We live in an age where we can communicate with friends and family members across the country and around the globe with a few clicks of a mouse or taps on a smart phone screen. However, despite advances in communications technology and the increasing connectedness it brings, research indicates that, as a society, we are lonelier than we have ever been. Perhaps no other age group feels the keen sting of loneliness more than the elderly.

Why Are Older Adults so Lonely?

Age brings many difficult changes that contribute to a more solitary life. One of the biggest issues for seniors is that their social circles begin to shrink as the years go by. Friends, significant others and family members move away or pass away. Even those who still live close by may be inaccessible due to limited mobility, especially once a senior can no longer drive safely. Age-related changes in one’s physical condition, such as hearing loss and low vision, can make it so difficult to communicate that it doesn’t seem worth the effort anymore.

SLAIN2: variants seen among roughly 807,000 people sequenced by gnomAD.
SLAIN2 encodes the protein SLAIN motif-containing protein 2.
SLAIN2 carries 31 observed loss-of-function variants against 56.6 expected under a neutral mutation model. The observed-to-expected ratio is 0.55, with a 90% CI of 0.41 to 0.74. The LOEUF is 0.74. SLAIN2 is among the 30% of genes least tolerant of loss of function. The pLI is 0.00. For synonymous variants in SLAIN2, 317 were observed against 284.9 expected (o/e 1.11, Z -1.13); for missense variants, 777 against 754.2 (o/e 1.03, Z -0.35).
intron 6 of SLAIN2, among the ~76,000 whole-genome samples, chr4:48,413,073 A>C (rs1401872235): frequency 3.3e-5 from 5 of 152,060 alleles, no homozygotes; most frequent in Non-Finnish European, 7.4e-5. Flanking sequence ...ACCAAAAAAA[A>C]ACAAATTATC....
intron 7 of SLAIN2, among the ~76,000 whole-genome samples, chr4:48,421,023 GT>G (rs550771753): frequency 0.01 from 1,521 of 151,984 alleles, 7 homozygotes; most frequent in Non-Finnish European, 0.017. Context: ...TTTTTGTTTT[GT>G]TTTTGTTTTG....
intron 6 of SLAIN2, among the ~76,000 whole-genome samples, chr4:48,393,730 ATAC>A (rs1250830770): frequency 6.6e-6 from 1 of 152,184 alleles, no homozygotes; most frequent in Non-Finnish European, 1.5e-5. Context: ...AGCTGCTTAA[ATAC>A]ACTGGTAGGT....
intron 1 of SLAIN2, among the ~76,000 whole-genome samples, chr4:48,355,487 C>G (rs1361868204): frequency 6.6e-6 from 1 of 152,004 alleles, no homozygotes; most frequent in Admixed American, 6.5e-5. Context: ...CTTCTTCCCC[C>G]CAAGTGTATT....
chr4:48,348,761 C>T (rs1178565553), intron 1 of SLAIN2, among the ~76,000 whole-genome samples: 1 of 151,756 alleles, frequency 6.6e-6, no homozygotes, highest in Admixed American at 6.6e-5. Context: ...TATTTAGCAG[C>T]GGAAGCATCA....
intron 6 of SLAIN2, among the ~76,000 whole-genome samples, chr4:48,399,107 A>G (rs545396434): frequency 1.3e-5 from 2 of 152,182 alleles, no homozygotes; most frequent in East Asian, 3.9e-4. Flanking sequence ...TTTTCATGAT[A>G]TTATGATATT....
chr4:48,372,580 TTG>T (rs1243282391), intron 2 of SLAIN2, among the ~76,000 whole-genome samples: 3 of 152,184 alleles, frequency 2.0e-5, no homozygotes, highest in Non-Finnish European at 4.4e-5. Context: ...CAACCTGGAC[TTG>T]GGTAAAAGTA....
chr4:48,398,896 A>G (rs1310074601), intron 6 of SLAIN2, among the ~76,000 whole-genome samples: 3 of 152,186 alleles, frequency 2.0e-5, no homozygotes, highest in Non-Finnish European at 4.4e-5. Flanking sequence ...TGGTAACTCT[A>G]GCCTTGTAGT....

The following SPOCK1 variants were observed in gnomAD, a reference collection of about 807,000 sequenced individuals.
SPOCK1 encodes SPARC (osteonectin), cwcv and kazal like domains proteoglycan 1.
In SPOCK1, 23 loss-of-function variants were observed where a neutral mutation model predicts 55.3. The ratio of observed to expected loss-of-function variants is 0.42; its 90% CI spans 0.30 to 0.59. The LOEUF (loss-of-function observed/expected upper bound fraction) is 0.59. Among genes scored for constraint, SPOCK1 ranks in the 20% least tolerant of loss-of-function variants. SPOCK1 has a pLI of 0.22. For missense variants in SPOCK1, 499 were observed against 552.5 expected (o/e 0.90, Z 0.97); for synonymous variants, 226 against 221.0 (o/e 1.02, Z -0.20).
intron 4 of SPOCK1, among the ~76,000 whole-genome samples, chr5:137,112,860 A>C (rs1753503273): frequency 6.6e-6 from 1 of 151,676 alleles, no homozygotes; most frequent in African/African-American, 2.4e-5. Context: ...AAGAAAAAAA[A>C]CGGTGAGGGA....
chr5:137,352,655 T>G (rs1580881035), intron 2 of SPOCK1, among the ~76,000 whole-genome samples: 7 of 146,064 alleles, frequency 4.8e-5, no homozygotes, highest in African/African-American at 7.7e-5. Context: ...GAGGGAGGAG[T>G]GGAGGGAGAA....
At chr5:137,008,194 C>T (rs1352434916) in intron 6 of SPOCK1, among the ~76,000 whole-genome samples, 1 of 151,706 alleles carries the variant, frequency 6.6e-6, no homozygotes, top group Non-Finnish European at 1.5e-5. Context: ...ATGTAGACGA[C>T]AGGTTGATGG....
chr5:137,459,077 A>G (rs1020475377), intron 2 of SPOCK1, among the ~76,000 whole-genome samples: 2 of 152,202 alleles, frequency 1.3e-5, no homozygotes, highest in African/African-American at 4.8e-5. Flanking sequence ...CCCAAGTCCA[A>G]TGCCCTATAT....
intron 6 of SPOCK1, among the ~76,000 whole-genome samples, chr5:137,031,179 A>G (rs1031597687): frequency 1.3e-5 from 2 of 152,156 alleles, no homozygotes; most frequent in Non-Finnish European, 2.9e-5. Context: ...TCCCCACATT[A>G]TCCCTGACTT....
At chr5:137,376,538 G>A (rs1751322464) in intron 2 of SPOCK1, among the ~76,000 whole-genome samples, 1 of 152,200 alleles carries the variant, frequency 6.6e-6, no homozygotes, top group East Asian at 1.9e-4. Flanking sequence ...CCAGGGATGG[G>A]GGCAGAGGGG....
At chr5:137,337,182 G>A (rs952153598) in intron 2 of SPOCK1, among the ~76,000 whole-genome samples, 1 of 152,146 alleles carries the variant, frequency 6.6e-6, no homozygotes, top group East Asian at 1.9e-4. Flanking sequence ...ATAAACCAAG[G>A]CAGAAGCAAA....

Embarrassment can be a factor as well. Many older adults who suffer from incontinence, are on oxygen therapy or need to use a mobility aid to get around not only face logistical obstacles when it comes to leaving the house, but they must also overcome feeling self-conscious about these “obvious” signs of aging.

It is trying enough for a senior to maintain healthy relationships despite these challenges, but when one’s entire peer group is experiencing any combination of these factors, it can be difficult if not impossible to get together or keep in touch on a regular basis. Sadly, many seniors experience a decline in the number and quality of their relationships as they age, whether it is self-imposed or due to outside forces.

Even when a senior is being taken care of by family caregivers, T. Byram Karasu, MD, from the department of psychiatry and behavioral sciences at the Albert Einstein College of Medicine, says that there is often little attention paid to deep, engaging communication between a senior and the rest of the family. The changes listed above are factors, but caregivers are usually so worn out from juggling their day-to-day responsibilities that they have little time or energy left for truly meeting a senior’s emotional and social needs.